Wautoma, WI
Current Conditions
0:56 AM CST
Clear
Temperature
10°F
Dew Point
-3°F
Humidity
55%
Wind
WNW at 8 mph
Barometer
30.22 in. F
Visibility
10.00 mi.
Sunrise
06:58 a.m.
Sunset
04:26 p.m.
Evening Forecast (7:00pm-Midnight)
Temperatures will range from 15 to 12 degrees with clear skies. Winds will range between 9 and 13 miles per hour from the northwest. No precipitation is expected.
7-Day Forecast
Thursday
15°F / 12°F
Clear
Friday
34°F / 12°F
Mostly Cloudy
Saturday
39°F / 34°F
Cloudy
Sunday
38°F / 31°F
Light Rain
Monday
32°F / 20°F
Mostly Cloudy
Tuesday
26°F / 11°F
Partly Cloudy
Wednesday
22°F / 5°F
Mostly Cloudy
Detailed Short Term Forecast
Issued at 0:56 AM CST
Thursday...Temperatures will range from a high of 15 to a low of 12 degrees with clear skies. Winds will range between 5 and 13 miles per hour from the westnorthwest. No precipitation is expected.
Overnight ...Temperatures will remain steady at 12 degrees with clear skies. Winds will range between 5 and 9 miles per hour from the west. No precipitation is expected.
Friday...Temperatures will range from a high of 34 to a low of 12 degrees with mostly cloudy skies. Winds will range between 6 and 13 miles per hour from the southsouthwest. No precipitation is expected.
Although foliar disease outbreaks in winter wheat have been detected elsewhere in the state, no such problem is evident in the dark green foliage of the varieties in the Extension Service’s trial plot on the Kolbe Seed Farms at Chilton in Calumet County.

Although foliar disease outbreaks in winter wheat have been detected elsewhere in the state, no such problem is evident in the dark green foliage of the varieties in the Extension Service’s trial plot on the Kolbe Seed Farms at Chilton in Calumet County. Photo By Ray Mueller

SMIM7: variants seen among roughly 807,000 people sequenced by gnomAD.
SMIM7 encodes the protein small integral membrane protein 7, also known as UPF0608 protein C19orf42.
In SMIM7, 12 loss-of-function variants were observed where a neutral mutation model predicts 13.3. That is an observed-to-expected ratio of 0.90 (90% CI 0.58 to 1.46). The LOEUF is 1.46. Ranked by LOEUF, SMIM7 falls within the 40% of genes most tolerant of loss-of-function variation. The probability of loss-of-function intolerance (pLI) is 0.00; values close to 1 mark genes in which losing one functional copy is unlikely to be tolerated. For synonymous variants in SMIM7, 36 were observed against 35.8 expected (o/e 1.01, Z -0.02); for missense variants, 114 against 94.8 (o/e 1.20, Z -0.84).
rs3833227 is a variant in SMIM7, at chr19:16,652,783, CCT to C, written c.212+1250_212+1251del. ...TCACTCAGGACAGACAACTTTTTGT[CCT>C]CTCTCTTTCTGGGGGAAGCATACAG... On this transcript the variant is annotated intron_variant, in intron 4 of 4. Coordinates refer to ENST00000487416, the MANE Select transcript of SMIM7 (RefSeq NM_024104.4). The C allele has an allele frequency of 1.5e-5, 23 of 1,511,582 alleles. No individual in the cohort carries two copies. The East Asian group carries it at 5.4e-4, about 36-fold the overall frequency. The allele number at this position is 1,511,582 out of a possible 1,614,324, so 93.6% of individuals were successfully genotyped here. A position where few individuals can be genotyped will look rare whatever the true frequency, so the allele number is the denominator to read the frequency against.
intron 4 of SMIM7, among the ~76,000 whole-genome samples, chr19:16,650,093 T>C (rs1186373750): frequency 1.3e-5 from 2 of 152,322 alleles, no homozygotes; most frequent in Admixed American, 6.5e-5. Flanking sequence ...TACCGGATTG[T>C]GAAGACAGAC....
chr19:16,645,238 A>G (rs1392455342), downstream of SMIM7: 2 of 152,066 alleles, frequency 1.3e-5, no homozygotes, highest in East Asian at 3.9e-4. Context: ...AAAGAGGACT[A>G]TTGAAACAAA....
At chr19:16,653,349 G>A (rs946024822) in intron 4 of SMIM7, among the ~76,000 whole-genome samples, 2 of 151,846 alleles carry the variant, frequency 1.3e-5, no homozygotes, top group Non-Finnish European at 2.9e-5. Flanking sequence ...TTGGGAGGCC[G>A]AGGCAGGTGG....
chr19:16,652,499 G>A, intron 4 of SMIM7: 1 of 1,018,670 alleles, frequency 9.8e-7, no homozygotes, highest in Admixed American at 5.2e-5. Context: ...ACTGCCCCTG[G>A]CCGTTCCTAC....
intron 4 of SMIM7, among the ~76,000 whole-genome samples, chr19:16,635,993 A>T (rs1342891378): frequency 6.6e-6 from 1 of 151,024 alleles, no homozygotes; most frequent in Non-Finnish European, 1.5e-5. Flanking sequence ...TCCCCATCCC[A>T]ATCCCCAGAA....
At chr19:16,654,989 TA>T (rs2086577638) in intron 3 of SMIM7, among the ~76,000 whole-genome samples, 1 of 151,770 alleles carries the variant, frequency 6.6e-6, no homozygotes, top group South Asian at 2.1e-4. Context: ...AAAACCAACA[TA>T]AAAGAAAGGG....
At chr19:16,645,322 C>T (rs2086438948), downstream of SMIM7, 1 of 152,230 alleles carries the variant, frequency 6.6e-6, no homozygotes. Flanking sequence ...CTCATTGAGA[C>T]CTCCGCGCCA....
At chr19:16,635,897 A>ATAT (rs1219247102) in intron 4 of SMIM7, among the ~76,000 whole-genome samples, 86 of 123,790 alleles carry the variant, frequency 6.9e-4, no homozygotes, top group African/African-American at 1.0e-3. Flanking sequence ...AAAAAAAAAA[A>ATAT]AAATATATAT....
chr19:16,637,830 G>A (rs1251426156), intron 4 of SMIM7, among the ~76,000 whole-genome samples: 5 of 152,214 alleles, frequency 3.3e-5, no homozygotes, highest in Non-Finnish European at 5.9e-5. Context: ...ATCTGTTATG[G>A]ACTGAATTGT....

Crucial stage arrives for winter wheat diseases

May 3, 2012 | 0 comments

With most of Wisconsin's winter wheat having reached the stage at which the flag leaf emerges, Extension Service small grains specialist Shawn Conley and plant pathologist Paul Esker are striving to keep growers apprised about the potential for yield losses due to one or more foliar diseases.

Conley explains that the flag leaf, technically the Feekes 8 growth stage, governs about 50 percent of the winter wheat yield.

For that reason, timely action in diagnosing plant diseases and applying a fungicide is necessary to protect the yield, especially in wheat varieties which are susceptible to one or more of the diseases, he points out.

As of last week, a majority of the state's wheat crop was at the Feekes 6 or 7 growth stage (first and second stem nodes), Conley reported.

During field inspections so far, powdery mildew has been the most prominent plant disease but wheat leaf rust and septoria leaf blotch are also possibilities.

Updates, advisories, and fungicide application guidance are available at thesoyreport.blogspot.com.

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